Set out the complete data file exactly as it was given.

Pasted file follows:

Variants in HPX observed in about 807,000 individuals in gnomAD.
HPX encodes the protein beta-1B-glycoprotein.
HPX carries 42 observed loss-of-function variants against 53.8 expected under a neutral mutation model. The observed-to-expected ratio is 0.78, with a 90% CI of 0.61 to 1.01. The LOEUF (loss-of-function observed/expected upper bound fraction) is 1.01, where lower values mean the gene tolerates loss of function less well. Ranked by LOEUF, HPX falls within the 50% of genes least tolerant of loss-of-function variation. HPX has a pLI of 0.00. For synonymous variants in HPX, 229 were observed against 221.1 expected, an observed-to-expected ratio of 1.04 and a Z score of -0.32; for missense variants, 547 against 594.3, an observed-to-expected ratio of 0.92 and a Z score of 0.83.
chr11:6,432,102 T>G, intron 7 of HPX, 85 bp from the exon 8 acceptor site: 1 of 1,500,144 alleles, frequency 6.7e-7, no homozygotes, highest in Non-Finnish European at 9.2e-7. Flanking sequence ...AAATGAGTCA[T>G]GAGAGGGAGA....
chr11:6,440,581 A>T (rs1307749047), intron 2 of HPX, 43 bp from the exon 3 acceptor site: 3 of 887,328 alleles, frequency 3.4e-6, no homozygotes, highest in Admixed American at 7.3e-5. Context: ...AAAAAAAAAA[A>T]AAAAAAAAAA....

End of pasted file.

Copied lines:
Variants in HPX observed in about 807,000 individuals in gnomAD.
HPX encodes the protein beta-1B-glycoprotein.
HPX carries 42 observed loss-of-function variants against 53.8 expected under a neutral mutation model. The observed-to-expected ratio is 0.78, with a 90% CI of 0.61 to 1.01. The LOEUF (loss-of-function observed/expected upper bound fraction) is 1.01, where lower values mean the gene tolerates loss of function less well. Ranked by LOEUF, HPX falls within the 50% of genes least tolerant of loss-of-function variation. HPX has a pLI of 0.00. For synonymous variants in HPX, 229 were observed against 221.1 expected, an observed-to-expected ratio of 1.04 and a Z score of -0.32; for missense variants, 547 against 594.3, an observed-to-expected ratio of 0.92 and a Z score of 0.83.
chr11:6,432,102 T>G, intron 7 of HPX, 85 bp from the exon 8 acceptor site: 1 of 1,500,144 alleles, frequency 6.7e-7, no homozygotes, highest in Non-Finnish European at 9.2e-7. Flanking sequence ...AAATGAGTCA[T>G]GAGAGGGAGA....
chr11:6,440,581 A>T (rs1307749047), intron 2 of HPX, 43 bp from the exon 3 acceptor site: 3 of 887,328 alleles, frequency 3.4e-6, no homozygotes, highest in Admixed American at 7.3e-5. Context: ...AAAAAAAAAA[A>T]AAAAAAAAAA....